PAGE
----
Vermont group aids craftspeople hit by hurricanes

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(Host) Since 1985, a small Vermont-based non-profit has been helping craftspeople recover from natural disasters. As VPR’s Steve Zind reports, the Craft Emergency Relief Fund has been especially busy in the wake of a series of hurricanes that have hit the southeastern U.S.

(Zind) Craftspeople are among the smallest of small businesses. They produce and sell their products from shops often located in their homes. A fire or hurricane can quickly rob them of their livelihood.

In the wake of the recent hurricanes, many craftspeople in North Carolina and Florida are turning to CERF – the Craft Emergency Relief Fund.

(Cornelia Carey) “This is probably the busiest we’ve been in the last 10 years.”

(Zind) Cornelia Carey is executive director of CERF. She says the Montpelier-based organization has been getting about 10 calls a day from craftspeople who have suffered losses in the hurricanes. Some have lost both their homes and their source of income.

CERF offers disaster relief grants of $1,000 and loans of up to $8,000. The amounts may be modest, but it helps craftspeople pay bills and begin to reestablish their businesses while they’re waiting for insurance payments and assistance from FEMA, the Federal Emergency Management Agency.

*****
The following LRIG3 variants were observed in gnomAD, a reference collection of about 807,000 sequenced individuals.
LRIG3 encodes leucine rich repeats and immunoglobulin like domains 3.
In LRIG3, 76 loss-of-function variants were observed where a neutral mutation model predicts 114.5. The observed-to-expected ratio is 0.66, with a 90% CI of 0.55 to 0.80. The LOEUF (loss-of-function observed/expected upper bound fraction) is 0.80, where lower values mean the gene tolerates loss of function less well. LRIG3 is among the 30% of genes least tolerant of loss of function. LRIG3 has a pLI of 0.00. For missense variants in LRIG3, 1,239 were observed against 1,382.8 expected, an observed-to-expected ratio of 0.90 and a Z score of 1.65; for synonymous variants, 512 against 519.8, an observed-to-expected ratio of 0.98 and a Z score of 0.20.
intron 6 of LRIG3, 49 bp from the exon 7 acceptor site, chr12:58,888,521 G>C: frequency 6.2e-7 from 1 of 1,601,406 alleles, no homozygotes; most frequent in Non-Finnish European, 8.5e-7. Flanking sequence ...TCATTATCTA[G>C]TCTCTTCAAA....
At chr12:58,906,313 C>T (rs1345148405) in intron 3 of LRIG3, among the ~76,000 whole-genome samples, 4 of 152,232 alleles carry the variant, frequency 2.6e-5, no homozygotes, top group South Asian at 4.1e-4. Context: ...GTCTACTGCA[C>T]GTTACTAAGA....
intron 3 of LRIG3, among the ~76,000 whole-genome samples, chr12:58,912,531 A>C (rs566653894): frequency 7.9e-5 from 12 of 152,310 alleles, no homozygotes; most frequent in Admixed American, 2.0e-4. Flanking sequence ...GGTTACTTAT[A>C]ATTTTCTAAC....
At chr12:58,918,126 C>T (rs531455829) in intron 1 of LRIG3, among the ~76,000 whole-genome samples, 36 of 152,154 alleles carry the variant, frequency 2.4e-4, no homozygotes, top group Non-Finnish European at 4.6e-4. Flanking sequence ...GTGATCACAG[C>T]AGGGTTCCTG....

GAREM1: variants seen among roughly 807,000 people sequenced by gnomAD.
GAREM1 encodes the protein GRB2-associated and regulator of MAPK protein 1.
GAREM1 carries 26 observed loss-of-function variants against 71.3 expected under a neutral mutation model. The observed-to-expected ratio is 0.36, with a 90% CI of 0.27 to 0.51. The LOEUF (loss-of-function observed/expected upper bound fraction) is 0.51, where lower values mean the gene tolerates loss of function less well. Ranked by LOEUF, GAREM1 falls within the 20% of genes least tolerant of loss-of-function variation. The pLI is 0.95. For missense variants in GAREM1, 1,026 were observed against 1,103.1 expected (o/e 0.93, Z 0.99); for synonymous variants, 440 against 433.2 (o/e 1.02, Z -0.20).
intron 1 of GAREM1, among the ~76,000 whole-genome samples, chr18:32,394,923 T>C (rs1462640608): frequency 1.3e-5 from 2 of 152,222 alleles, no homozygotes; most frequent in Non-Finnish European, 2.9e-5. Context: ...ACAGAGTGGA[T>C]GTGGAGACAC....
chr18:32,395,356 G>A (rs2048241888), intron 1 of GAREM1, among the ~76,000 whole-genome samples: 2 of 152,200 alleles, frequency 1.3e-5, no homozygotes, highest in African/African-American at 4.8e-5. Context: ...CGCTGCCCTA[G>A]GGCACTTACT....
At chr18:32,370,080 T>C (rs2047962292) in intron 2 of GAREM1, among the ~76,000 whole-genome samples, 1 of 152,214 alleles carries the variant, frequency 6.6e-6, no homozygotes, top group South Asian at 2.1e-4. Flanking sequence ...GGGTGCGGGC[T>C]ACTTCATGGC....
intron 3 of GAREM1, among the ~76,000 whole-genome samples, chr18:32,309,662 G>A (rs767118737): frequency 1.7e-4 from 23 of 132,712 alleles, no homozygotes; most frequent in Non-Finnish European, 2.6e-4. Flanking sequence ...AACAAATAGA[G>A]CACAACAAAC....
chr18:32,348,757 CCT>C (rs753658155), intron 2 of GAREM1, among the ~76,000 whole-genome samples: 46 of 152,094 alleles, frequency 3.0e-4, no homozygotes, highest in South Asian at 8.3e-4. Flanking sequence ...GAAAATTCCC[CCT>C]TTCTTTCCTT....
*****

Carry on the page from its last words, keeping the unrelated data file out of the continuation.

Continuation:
Susan Phipps is a goldsmith in Asheville, North Carolina. After Hurricane Francis poured over three feet of water into her workshop and store, she called the Craft Emergency Relief Fund.

(Phipps) “It’s been such a huge relief and the fact that they’re willing to give you a loan and help you work this out quickly, versus FEMA is going to take up to two months for me to see any money, which is a long time when you have bill that are due now.”

(Zind) Phipps says she hopes to be back in business in a month. She says she had no insurance for her losses. Cornelia Carey says craftspeople are chronically underinsured and the fund holds workshops to educate them how to protect themselves from natural disasters.

The Craft Emergency Relief Fund receives money from the National Endowment for the Arts and a number of small foundations, but Carey says most of the budget comes from other craftspeople – who themselves may someday have to turn to the fund for assistance.

For Vermont Public Radio, I’m Steve Zind.

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